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‘Racial Profiling’ in Toronto

February 6, 2012
tags: ,

The Toronto Star:

After years of controversy and much gnashing of teeth, the Toronto Police Service got the go-ahead to collect race-based criminal justice statistics in 2010. But they’re still not releasing them publicly to help people determine whether there is a racial bias in policing.

If such statistics are released, they will probably show that blacks, who make up 8% of Toronto’s population, are responsible for about half the city’s crime. (That’s an educated guess; Skarphedin collected some data here.) This will be interpreted (certainly by the Star) as evidence of racial profiling. The police, who already feel pressure to avoid targeting blacks as much as possible, will be in an even tighter spot than before. They will be more hobbled in dealing with black crime. That’s why they don’t want to release this information.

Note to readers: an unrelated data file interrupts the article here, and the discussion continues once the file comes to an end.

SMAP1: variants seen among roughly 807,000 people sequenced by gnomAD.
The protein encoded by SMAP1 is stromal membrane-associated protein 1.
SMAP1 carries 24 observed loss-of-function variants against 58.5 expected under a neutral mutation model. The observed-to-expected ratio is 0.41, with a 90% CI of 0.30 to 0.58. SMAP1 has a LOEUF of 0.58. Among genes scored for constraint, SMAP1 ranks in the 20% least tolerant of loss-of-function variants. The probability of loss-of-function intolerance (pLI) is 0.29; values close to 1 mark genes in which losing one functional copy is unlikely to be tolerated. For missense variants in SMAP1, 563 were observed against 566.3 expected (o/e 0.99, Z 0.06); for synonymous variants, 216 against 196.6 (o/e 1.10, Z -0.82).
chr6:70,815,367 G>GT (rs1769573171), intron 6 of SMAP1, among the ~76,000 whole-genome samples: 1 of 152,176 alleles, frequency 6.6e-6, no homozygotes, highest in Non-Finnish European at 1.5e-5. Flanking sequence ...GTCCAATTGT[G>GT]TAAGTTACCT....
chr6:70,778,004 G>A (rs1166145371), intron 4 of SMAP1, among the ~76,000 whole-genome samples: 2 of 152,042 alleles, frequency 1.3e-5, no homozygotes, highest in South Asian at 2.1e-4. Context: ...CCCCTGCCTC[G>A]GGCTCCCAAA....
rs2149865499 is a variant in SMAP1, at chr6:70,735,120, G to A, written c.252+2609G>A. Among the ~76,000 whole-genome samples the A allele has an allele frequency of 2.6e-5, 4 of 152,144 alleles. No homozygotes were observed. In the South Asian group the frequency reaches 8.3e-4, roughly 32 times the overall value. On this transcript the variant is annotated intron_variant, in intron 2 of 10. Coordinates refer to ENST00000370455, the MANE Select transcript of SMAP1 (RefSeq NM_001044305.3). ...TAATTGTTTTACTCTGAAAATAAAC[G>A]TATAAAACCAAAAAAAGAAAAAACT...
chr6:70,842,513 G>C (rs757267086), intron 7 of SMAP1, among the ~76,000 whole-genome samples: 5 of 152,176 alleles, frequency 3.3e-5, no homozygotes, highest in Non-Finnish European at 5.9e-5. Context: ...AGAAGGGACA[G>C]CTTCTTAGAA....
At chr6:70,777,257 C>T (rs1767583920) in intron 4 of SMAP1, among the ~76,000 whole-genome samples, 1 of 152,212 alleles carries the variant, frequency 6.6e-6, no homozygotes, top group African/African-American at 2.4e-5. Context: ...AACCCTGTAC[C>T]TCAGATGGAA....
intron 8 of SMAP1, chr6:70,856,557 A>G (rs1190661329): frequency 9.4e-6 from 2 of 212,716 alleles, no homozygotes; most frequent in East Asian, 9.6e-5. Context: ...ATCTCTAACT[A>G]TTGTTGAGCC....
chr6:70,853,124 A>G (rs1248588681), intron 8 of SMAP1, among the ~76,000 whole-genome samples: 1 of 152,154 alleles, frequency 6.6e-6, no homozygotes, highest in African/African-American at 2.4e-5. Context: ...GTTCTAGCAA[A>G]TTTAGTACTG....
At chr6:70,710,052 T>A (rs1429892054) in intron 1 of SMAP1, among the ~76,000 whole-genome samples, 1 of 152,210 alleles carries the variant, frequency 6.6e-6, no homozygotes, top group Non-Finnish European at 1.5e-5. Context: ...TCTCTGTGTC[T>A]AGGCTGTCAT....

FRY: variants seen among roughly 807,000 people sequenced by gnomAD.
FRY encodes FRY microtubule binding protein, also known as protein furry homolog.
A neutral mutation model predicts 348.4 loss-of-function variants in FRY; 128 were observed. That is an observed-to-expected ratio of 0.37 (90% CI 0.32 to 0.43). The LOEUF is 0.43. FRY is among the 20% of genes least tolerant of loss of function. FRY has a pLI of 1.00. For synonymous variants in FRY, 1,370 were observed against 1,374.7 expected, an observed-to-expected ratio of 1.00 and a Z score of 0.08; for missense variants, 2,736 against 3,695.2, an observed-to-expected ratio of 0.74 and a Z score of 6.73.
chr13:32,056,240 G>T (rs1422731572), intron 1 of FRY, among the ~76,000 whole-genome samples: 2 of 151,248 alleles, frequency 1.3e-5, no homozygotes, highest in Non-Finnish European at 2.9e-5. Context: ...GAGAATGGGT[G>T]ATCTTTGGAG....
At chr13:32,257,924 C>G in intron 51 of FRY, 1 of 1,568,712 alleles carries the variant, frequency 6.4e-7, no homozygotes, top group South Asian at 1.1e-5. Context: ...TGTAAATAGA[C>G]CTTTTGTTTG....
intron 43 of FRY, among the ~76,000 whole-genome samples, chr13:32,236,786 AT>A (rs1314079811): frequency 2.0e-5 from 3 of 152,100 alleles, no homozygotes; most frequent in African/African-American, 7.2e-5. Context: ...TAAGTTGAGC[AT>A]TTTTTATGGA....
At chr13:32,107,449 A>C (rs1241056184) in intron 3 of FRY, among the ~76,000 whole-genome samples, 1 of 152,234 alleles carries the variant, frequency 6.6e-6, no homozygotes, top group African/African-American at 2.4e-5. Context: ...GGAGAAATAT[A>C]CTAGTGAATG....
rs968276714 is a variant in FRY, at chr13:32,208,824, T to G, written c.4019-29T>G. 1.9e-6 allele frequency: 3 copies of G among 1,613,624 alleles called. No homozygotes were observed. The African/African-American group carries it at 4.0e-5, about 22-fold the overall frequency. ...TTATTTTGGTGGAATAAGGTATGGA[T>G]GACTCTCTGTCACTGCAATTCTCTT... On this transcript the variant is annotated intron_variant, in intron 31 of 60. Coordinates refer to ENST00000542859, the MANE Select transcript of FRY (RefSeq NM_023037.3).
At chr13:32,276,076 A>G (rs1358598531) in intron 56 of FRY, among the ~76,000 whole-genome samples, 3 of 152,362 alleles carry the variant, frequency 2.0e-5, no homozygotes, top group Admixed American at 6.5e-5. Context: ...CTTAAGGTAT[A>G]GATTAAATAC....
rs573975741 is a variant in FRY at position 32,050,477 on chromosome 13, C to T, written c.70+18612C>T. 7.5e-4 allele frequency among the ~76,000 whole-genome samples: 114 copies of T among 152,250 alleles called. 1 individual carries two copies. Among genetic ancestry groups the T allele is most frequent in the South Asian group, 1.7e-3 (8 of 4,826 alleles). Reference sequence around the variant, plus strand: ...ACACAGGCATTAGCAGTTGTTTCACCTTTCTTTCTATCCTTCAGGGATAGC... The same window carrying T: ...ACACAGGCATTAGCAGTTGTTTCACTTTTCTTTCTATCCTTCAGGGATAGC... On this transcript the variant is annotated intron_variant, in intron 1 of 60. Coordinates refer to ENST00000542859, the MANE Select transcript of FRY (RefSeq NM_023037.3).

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2 Comments leave one →
  1. February 20, 2012 3:56 pm

    I would further predict that a more in depth analysis of the data would show that while blacks are more likely to be prosecuted for violent offenses, they are also less likely to be prosecuted for non-violent ‘optional’ offenses, where the arresting officer can choose to show leniency. Carrying open liquor, for instance.

    • February 20, 2012 4:06 pm

      I’ll bet you’re right. I remember reading something by an Ontario cop once where he admitted he was reticent to pull over black men for traffic violations. Unfortunately I forget where it was and I think it was anonymous anyway, so I can hardly verify it.

      I think there may be some research on this from the States. I’ll try to find it and do a post on it.

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